I received a portion of this product free for the purpose of reviewing it. See full disclosure at close of post or read my disclosure policy for more details. *Thanks to the publicist for providing material for review.*
Better to Wish by Ann M. Martin
Family Tree, #1
Genre: Juvenile Fiction / Family
Ages 8 to 12, Grades 3 to 7
Pages: 226 Jacketed Hardcover
Date Published: April 30th, 2013
Publisher: Scholastic Press
Four generations. Four girls. One family.
An amazing new four-book series from Ann M. Martin.
In 1930, Abby Nichols is eight, and can’t imagine what her future holds. The best things today would be having a dime for the fair, keeping her Pops from being angry, and saving up eighty-seven cents to surprise her little sister with a tea set for Christmas.
But Abby’s world is changing fast. Soon there will be new siblings to take care of, a new house to move into, and new friends to meet. But there will also be good-byes to say and hard choices to make. As Abby grows older, how will she decide what sort of life will fit her best?
In this incredible new series, bestselling author Ann M. Martin brings the past and the present together one girlhood at a time and shows readers the way a family grows.
My youngest childhood reading hours were filled with readingThe Babysitter’s Club Little Sister series while my closest in age sister, five years ahead read and collected The Babysitter’s Clubseries and Mysteries and Special Club editions. So now as an adult and collecting books for my own daughters to read in the years to come I was very enthusiastic to see author Ann M. Martin‘s first attempt at a historical and the beginnings of a new series. Last week I saw a copy of the book in Barnes & Noble and knew I was expecting one so I had to stall myself and my excitement, but then this morning when the delivery man left a package at my door including this beautiful book I knew everything else was going on hold. Quite often when I get a middle grades reader, I read about 20-40 pages or so, may or may not enjoy it but often forget to go back or other things grab me. Today was different.
Better to Wish , or at least the copy I have, is gorgeous. It’s a hardcover with an illustrated jacketed that is embossed and very attractive. Actually if you take a look at my blog you’ll definitely know I enjoy the color theme as my colors are green and lavender and that is exactly what this is. As Abby, stands in the grass looking onward, inviting a reader to pick up this book and read her story. It is elegant and in a realistic way enchanting.
Now for the story itself… this is not really a story, rather not in the way that I normally find when I pick up a book. It is written more as if you’re reading a diary or memoir from a woman looking back on her life from 2022, she tells from the age of eight in 1930 up until a questionable ending in 1939. As a reader I am not a fan of cliff hanger endings, but this was done in a good way and even if you never did pick up the story later on (this is the first is a series of at least four novels I believe) the reader will be left content or at least with an imagination to bring it to an end as it should be.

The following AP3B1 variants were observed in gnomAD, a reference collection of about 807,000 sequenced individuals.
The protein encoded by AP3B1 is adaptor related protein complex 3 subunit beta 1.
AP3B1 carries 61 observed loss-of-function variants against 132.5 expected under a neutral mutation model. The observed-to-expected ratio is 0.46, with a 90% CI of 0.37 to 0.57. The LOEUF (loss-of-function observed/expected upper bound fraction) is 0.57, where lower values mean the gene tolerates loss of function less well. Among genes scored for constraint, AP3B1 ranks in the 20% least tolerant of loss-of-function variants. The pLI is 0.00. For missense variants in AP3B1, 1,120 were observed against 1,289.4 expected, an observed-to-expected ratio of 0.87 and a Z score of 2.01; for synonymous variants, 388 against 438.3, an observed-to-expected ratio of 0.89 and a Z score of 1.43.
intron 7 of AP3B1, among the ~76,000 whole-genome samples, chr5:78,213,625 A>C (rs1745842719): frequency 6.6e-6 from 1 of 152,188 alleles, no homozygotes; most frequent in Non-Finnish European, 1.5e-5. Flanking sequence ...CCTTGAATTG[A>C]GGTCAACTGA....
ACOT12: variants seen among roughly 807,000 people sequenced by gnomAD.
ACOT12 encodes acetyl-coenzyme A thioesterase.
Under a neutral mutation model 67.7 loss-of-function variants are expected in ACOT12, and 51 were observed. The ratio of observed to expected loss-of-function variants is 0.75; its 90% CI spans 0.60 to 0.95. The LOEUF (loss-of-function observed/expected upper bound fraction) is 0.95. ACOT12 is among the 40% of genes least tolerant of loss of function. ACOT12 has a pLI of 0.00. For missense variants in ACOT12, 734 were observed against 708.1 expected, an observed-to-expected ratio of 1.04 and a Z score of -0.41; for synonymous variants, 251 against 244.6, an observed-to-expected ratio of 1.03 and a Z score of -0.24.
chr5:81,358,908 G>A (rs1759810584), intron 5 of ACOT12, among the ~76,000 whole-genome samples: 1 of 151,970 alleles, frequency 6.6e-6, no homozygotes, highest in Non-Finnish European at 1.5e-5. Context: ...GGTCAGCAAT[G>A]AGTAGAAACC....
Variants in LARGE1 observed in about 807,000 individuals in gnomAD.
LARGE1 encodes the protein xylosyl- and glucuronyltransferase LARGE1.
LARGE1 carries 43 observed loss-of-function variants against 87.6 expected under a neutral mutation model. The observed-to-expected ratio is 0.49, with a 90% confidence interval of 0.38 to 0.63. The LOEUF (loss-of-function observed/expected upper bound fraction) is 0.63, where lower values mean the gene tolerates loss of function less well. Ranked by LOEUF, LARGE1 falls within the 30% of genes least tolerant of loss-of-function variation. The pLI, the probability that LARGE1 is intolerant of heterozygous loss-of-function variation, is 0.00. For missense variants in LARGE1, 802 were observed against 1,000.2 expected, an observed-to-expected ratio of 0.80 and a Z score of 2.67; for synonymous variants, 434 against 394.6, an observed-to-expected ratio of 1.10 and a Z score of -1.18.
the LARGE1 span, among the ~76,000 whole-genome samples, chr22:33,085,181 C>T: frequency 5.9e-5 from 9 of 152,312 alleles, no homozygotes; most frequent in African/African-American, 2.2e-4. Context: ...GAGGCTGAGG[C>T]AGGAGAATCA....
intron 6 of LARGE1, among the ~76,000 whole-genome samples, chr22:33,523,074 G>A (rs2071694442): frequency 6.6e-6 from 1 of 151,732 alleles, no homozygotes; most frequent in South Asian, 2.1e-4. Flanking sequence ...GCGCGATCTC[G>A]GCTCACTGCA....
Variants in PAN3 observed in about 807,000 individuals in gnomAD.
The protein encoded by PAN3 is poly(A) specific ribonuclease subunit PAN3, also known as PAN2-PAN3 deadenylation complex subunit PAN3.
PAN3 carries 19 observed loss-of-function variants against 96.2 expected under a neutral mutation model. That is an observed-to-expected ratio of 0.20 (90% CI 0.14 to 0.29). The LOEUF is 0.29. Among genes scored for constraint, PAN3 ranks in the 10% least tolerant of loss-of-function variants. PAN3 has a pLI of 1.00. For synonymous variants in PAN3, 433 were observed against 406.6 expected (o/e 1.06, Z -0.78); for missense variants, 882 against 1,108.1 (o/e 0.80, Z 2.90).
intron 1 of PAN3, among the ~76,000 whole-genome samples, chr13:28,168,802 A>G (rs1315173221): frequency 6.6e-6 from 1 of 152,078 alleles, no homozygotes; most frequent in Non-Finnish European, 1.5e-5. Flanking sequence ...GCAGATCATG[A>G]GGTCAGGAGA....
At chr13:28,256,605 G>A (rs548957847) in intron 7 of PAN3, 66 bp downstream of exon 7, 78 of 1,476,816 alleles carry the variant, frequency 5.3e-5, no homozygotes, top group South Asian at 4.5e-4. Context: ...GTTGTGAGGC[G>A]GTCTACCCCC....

Technically this is a read for ages 8-12, but I wouldn’t stop at 12 for readers, however I would be cautious with what type of eight year old you suggest this to. It’s tough, and sad, and realistic. After all it’s a story set in the Great Depression and ending in war times. In an attempt to not fully give away the plot I have to say it is sad in a way like Bridge to Terabithia as well as Divine Secrets of the Ya-Ya Sisterhood or The Swan House yet there is even more to it than that in the introduction of facilities for the “feebleminded”. It’s definitely a conversation starter. Easily I would suggest this as a school read as a spring board for a study on the history of the depression as well as a glimpse into the importance of diaries and memoirs for studying history. Overall, it is not a very happy book, but it’s not entirely sad. Especially considering the time period things could have been much worse for our Abby and she survived very bravely and well and in the end it’s all the little moments that count. There are friendships, and good-appropriate-adjustments to changes in life as well as a positive attitude to overcome adversity. Pretty much the villain in this book is the father and aside from a sentence or two I cannot think of anything good to say about it, yet he’s real and a prime example of what not to be in life. Abby as a young girl could have spurned him and become angry and thus injured everyone around her even further but she was able to raise above his spite and actions and mature into a person that was very likable and admirable.
The fact of the matter for myself is that I read this book during the girls’ quiet time followed by naptime and really had no desire to put it down. It wasn’t a “I have to read this” feeling, but I didn’t desire to leave it either until the very end. The end made me smile and makes me curious for an outcome, but doesn’t leave me outlandish or gasping for more, or even angry at a stall. While I am left with a big question on little Fred… then again, it may be life that some things just fade and are never really answered. It cannot always be wrapped up in a white silken hair ribbon…
I received this product free for the purpose of reviewing it. I received no other compensation for this review. The opinions expressed in this review are my personal, honest opinions. Your experience may vary. Please read my full disclosure policy for more details.